Turkish Newspaper: Military Cooperating with Islamic State on Border

The Turkish newspaper Cumhuriyet reported Monday that a prosecutor’s investigation had uncovered phone conversations between Turkish military officers and a senior Islamic State jihadist that indicate the military was aiding passage of ISIS jihadists into the Syrian war theater.

The Cumhuriyet report, translated by Zaman into English, claims that transcripts of conversations between unnamed Turkish soldiers and the Islamic State terrorist Mustafa Demir indicate that Demir had been cooperating with the military to secure safe passage of terrorists through the border. In one conversation, Demir requests of a soldier, “Is it possible for you to arrange that I talk with the commander here, regarding the business here?” receiving an affirmative answer. In the other, it appears that a military officer is alerting Demir that he can cross the border at the moment of the call. “Come urgently; I’m in the mine [field] with a torch. Come running,” the soldier says.

“The transcripts and the documents in the investigation revealed that Demir received money — purportedly for zakat [alms] — from smugglers at the border and cooperated with the officers as far as [border] crossings are concerned,” according to Cumhuriyet.

This report was immediately picked up by Russian propaganda outlet Russia Today, which has been working to smear Turkish President Recep Tayyip Erdogan with the claim that his government has bought oil from the Islamic State. The footage RT published, from the Russian government, claiming to prove that ISIS oil trucks have moved into Turkey was later proven to actually show oil trucks belonging to the Kurdistan Regional Government (KRG) of Iraq moving a shipment into Turkey. While Erdogan’s government is currently waging a military campaign against Kurdish groups in Syria, it maintains friendly relations with the KRG.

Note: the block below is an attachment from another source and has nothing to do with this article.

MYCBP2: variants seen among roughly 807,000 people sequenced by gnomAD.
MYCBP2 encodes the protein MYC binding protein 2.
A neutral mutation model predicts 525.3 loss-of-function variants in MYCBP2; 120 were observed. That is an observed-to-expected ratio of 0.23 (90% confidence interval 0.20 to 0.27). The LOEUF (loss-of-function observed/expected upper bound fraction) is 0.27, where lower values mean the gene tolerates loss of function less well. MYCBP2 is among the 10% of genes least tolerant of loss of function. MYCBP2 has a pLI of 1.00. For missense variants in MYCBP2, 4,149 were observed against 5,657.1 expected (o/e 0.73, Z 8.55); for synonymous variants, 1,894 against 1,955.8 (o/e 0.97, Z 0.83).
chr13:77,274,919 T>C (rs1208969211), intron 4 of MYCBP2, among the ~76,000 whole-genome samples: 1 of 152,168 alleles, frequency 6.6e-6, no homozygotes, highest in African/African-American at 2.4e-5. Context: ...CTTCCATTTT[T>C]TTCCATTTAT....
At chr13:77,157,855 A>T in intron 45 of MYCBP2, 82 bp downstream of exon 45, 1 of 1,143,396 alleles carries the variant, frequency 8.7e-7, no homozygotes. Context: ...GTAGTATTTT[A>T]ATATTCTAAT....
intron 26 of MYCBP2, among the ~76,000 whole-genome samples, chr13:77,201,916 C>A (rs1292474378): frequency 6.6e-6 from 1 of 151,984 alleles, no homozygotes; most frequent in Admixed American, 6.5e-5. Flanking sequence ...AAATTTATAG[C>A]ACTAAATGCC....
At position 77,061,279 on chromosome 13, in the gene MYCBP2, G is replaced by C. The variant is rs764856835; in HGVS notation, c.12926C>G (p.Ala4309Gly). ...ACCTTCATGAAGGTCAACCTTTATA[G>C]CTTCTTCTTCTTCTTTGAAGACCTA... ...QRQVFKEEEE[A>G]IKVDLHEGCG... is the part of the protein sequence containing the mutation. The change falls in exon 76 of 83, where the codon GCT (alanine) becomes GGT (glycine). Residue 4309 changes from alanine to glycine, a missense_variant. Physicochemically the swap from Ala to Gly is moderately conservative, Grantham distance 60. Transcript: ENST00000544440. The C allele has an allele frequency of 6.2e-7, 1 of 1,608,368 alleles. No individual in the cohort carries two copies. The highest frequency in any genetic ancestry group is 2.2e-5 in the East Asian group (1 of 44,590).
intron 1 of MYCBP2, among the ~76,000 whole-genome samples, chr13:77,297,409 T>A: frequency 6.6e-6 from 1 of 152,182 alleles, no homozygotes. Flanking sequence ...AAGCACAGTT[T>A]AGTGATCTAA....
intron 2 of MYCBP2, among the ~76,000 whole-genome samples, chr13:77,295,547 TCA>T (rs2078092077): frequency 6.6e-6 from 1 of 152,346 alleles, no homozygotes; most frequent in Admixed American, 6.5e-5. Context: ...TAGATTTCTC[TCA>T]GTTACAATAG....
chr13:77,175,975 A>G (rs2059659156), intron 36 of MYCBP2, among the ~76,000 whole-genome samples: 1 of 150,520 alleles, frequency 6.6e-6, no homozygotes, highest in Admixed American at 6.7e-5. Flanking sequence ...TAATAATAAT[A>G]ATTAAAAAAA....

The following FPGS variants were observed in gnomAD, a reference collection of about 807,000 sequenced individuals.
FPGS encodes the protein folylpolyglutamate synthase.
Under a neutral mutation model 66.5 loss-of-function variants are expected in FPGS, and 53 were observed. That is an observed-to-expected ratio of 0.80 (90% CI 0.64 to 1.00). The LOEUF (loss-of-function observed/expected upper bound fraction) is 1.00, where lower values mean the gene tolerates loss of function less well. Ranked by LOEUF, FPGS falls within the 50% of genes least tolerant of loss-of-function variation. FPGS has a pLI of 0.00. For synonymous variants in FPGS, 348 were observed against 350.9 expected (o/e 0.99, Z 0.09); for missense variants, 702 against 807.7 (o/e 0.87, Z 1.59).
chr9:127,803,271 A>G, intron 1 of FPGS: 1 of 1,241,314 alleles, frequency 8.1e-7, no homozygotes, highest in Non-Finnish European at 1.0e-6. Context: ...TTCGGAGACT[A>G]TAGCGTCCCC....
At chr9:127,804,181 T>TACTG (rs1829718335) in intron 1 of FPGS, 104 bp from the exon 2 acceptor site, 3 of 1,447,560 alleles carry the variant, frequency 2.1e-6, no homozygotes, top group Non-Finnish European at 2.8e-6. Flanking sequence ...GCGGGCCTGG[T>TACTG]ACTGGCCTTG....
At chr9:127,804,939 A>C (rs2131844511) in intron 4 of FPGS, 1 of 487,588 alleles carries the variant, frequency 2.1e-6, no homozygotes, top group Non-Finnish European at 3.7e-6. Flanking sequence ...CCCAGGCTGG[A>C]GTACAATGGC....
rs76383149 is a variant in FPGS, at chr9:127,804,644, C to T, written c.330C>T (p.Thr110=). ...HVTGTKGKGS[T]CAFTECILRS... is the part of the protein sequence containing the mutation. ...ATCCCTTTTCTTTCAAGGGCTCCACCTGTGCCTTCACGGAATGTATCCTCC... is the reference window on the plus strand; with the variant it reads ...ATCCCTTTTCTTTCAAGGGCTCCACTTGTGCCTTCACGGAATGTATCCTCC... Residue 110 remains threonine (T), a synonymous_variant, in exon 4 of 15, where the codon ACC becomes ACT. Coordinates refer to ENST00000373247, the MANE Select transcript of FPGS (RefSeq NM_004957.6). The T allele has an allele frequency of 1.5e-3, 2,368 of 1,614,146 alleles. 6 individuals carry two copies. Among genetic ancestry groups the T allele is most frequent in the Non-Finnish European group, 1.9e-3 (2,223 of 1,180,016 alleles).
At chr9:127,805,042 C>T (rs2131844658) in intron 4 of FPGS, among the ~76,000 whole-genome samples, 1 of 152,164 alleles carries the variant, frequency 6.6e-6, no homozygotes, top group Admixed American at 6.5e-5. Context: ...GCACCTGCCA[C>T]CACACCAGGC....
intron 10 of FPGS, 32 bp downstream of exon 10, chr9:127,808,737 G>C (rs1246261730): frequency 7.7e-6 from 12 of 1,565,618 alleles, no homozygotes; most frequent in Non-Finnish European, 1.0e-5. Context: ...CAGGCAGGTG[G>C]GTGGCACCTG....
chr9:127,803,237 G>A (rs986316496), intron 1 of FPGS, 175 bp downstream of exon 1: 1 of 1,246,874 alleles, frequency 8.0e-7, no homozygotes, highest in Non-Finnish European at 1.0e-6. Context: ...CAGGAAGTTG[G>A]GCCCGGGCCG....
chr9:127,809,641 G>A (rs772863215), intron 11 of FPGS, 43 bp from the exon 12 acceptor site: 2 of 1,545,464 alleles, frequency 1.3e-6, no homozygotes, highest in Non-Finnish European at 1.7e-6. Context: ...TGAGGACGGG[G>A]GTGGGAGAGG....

Zaman, the publication translating the Cumhuriyet report, has been openly critical of Erdogan, while Cumhuriyet itself has been among Turkey’s most persecuted journalistic outlets. In January 2015, police raided the offices of Cumhuriyet the night before it was to publish an inset Turkish version of the French satirical magazine Charlie Hebdo, then recently a victim of a radical Islamist attack. In November, Turkish police arrested Editor-in-chief Can Dündar and Ankara bureau chief Erdem Gul for clearing the publication of a report in which they claimed to have evidence that the Turkish intelligence agency (MIT) was shipping weapons to anti-Assad rebels in Syria. Both are facing life sentences over the report.

The Turkish government is currently touting its alleged success in keeping Islamic State terrorists out of Turkey. Hurriyet reports that the Turkish General Staff announced Tuesday that 1,220 Islamic State jihadists had been arrested on the Syrian border in the past 14 months. 259 of these were arrested in 2016.

Turkey has announced it has reached its limit in receiving refugees from Syria and has begun to build a wall on the nations’ mutual border. Amid this report, the United Nations is demanding Turkey keep its border open and its territory available to Syrian refugees, though Turkey argues it has taken in nearly two million refugees and has no way of vetting newcomers on the border. “We hope that they are secure where they are, but we would also hope in the end there would be continued Turkish generosity,” UN deputy secretary-general Jan Eliasson told Reuters.


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